It’s that time of year where a few things are happening. If you’ve been running for some time, you likely just completed (or will complete) some races in the fall—and if you’re like us, then this lull in your training is driving you bonkers. Or if you are one of the millions of people tinkering with what your resolutions will be for the new year and need a goal, you’re probably trying to find the perfect half marathon or marathon to add to your race calendar.
Whether you’re a seasoned runner or new to the roads, one thing is true: It takes time to properly train for a marathon or half marathon. Runner’s World recommends 16 weeks to train for a marathon and at least 10 weeks for a half marathon. (And having a training base before your start on your race journey is very helpful.) To help you get to your finish line healthy and injury-free, we offer 16-week marathon training plans and 14-week and 10-week half marathon training plans for all runners.
All of our plans were designed to help out every style of runner, from beginners to advanced. Several were created to help runners hit specific time goals, such as breaking 4 hours in the marathon or 2 hours in the half marathon.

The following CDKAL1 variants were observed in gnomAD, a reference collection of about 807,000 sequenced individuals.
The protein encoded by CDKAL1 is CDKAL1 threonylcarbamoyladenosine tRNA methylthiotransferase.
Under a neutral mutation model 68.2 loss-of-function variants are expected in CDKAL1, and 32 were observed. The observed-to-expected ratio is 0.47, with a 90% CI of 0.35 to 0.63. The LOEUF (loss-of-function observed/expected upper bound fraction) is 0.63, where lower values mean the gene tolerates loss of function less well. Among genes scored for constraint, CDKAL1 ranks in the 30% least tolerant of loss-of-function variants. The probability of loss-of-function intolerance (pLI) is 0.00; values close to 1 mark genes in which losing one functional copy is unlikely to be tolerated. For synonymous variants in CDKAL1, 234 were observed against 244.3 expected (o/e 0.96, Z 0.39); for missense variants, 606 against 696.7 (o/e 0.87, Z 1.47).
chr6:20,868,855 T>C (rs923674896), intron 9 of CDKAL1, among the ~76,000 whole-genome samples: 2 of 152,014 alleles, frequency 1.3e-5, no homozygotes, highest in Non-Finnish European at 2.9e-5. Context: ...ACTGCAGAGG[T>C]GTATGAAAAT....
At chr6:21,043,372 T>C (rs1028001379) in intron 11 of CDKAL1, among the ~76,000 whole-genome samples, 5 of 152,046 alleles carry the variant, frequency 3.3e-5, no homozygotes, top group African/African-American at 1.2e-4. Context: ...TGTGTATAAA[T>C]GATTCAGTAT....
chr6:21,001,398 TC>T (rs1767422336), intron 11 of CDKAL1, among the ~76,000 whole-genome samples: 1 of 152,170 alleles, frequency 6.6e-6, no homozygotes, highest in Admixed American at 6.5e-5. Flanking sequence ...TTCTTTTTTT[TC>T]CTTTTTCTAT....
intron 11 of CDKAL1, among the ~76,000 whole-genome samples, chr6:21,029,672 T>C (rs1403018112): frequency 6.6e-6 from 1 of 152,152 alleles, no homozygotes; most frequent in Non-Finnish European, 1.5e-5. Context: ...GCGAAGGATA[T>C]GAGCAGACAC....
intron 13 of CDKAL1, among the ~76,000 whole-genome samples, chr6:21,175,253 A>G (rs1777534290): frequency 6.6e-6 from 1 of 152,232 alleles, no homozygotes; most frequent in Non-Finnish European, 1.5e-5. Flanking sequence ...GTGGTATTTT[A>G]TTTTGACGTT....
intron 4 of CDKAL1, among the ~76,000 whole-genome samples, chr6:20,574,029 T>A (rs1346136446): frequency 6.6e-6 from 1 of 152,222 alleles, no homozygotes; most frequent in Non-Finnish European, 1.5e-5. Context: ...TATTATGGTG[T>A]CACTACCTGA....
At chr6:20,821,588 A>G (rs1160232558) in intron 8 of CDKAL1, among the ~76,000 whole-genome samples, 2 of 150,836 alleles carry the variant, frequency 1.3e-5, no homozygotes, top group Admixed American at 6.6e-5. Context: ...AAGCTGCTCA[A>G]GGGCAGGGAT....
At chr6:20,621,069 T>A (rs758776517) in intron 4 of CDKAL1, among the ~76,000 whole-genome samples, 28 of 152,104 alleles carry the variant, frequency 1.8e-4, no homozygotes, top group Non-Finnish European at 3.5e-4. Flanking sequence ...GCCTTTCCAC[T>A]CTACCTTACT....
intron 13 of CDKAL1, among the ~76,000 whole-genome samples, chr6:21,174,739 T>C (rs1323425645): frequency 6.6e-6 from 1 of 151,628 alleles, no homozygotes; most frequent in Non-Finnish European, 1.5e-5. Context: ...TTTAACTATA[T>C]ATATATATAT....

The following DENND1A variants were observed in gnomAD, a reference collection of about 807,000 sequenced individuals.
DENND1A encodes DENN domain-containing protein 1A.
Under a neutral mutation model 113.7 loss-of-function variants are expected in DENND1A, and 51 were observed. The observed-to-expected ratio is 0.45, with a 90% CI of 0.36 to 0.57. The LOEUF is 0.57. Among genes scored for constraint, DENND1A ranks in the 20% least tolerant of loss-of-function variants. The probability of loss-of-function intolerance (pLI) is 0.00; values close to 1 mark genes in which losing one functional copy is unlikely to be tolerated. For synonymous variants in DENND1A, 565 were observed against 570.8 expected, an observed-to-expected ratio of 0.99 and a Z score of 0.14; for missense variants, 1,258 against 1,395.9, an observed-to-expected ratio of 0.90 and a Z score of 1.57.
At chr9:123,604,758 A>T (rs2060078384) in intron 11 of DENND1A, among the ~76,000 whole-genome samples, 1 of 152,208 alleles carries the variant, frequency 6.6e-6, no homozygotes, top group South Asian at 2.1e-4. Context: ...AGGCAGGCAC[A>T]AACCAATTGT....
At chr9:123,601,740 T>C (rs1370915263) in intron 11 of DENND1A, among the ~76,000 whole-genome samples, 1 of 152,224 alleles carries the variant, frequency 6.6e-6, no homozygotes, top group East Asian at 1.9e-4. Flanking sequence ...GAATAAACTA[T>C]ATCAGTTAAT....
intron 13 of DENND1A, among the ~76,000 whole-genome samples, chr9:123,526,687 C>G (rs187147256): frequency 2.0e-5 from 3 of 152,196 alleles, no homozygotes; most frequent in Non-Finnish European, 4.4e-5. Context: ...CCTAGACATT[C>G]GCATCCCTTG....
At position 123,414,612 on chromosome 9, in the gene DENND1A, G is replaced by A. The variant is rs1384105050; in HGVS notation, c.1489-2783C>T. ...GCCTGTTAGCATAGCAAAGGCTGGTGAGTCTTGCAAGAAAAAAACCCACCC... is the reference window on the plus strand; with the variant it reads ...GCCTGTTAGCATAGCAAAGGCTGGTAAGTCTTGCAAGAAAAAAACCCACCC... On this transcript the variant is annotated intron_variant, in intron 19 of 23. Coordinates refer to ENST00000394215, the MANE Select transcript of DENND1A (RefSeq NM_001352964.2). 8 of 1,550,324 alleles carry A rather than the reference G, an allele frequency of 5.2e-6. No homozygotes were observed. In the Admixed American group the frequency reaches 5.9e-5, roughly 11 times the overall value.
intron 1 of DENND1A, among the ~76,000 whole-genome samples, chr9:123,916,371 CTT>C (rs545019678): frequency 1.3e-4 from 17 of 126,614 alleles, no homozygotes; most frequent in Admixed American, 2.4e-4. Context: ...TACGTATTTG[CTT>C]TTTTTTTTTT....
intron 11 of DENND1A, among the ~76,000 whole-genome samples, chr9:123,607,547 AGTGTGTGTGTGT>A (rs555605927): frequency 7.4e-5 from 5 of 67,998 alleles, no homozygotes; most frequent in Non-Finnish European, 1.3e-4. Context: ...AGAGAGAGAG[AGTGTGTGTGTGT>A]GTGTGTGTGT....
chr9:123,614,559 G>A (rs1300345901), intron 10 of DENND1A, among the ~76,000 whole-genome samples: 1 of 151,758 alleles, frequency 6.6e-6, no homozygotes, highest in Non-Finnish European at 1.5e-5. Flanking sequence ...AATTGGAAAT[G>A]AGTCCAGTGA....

We offer training plans in two ways to fit your needs:
As PDFs that you can print out to keep track of your training. (Read more about the plans here and find the one that’s right for you, and find some of our most popular plans below.)
Popular Marathon Training Plans
- First-Timers Marathon (16 weeks, 12–40 miles per week)
- Beginner Marathon (16 weeks, 16–44 miles per week)
- Intermediate Marathon (16 weeks, 26–51 miles per week)
- Advanced Marathon (16 weeks, 34–65 miles per week)
- 20-Week Marathon (20 weeks, 12–44 miles per week)
Popular Half Marathon Training Plans
- First-Timers Half Marathon (10 weeks, 9–24 miles per week)
- Beginner Half Marathon (10 weeks, 13–23 miles per week)
- Beginner Half Marathon #2 (14 weeks, 17–26 miles per week)
- Intermediate Half Marathon (10 weeks, 21–29 miles per week)
- Intermediate Half Marathon #2 (14 weeks, 27–41 miles per week)
If you’re looking for even more direction, you can try a customized plan with the Runcoach app, which uses a dynamic algorithm and certified coaches to help you become a better, stronger runner, no matter your starting point.
Already signed up for a spring race, but not sure when you should start? No problem! We’ve created these handy tables that show when you should start training based on the scheduled date of your spring 2020 race: